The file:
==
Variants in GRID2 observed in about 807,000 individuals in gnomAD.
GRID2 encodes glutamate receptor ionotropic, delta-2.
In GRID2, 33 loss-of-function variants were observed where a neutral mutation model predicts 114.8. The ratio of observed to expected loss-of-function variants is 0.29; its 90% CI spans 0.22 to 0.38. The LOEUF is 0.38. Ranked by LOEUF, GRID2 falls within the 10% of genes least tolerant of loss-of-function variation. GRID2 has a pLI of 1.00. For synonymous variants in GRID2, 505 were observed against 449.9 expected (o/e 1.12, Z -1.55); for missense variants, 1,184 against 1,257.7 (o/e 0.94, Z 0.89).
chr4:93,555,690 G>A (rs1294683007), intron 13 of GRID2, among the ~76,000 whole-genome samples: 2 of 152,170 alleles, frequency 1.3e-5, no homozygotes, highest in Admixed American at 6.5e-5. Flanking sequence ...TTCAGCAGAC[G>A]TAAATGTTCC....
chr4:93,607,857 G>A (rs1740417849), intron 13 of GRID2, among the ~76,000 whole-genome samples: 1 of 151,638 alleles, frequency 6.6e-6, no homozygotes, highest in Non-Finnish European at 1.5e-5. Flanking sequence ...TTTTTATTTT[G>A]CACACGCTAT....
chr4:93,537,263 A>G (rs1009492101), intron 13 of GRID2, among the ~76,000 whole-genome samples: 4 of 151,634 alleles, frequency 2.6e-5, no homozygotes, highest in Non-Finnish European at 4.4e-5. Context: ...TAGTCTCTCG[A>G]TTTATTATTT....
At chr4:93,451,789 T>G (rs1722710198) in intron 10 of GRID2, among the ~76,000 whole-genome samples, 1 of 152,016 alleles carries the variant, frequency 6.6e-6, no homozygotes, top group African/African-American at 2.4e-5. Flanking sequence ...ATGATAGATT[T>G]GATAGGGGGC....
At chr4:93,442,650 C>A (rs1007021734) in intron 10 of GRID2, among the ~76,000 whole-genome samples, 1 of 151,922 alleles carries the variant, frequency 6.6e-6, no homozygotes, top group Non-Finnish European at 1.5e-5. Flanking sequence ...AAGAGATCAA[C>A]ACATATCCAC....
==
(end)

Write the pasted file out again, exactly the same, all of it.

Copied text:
Variants in GRID2 observed in about 807,000 individuals in gnomAD.
GRID2 encodes glutamate receptor ionotropic, delta-2.
In GRID2, 33 loss-of-function variants were observed where a neutral mutation model predicts 114.8. The ratio of observed to expected loss-of-function variants is 0.29; its 90% CI spans 0.22 to 0.38. The LOEUF is 0.38. Ranked by LOEUF, GRID2 falls within the 10% of genes least tolerant of loss-of-function variation. GRID2 has a pLI of 1.00. For synonymous variants in GRID2, 505 were observed against 449.9 expected (o/e 1.12, Z -1.55); for missense variants, 1,184 against 1,257.7 (o/e 0.94, Z 0.89).
chr4:93,555,690 G>A (rs1294683007), intron 13 of GRID2, among the ~76,000 whole-genome samples: 2 of 152,170 alleles, frequency 1.3e-5, no homozygotes, highest in Admixed American at 6.5e-5. Flanking sequence ...TTCAGCAGAC[G>A]TAAATGTTCC....
chr4:93,607,857 G>A (rs1740417849), intron 13 of GRID2, among the ~76,000 whole-genome samples: 1 of 151,638 alleles, frequency 6.6e-6, no homozygotes, highest in Non-Finnish European at 1.5e-5. Flanking sequence ...TTTTTATTTT[G>A]CACACGCTAT....
chr4:93,537,263 A>G (rs1009492101), intron 13 of GRID2, among the ~76,000 whole-genome samples: 4 of 151,634 alleles, frequency 2.6e-5, no homozygotes, highest in Non-Finnish European at 4.4e-5. Context: ...TAGTCTCTCG[A>G]TTTATTATTT....
At chr4:93,451,789 T>G (rs1722710198) in intron 10 of GRID2, among the ~76,000 whole-genome samples, 1 of 152,016 alleles carries the variant, frequency 6.6e-6, no homozygotes, top group African/African-American at 2.4e-5. Flanking sequence ...ATGATAGATT[T>G]GATAGGGGGC....
At chr4:93,442,650 C>A (rs1007021734) in intron 10 of GRID2, among the ~76,000 whole-genome samples, 1 of 151,922 alleles carries the variant, frequency 6.6e-6, no homozygotes, top group Non-Finnish European at 1.5e-5. Flanking sequence ...AAGAGATCAA[C>A]ACATATCCAC....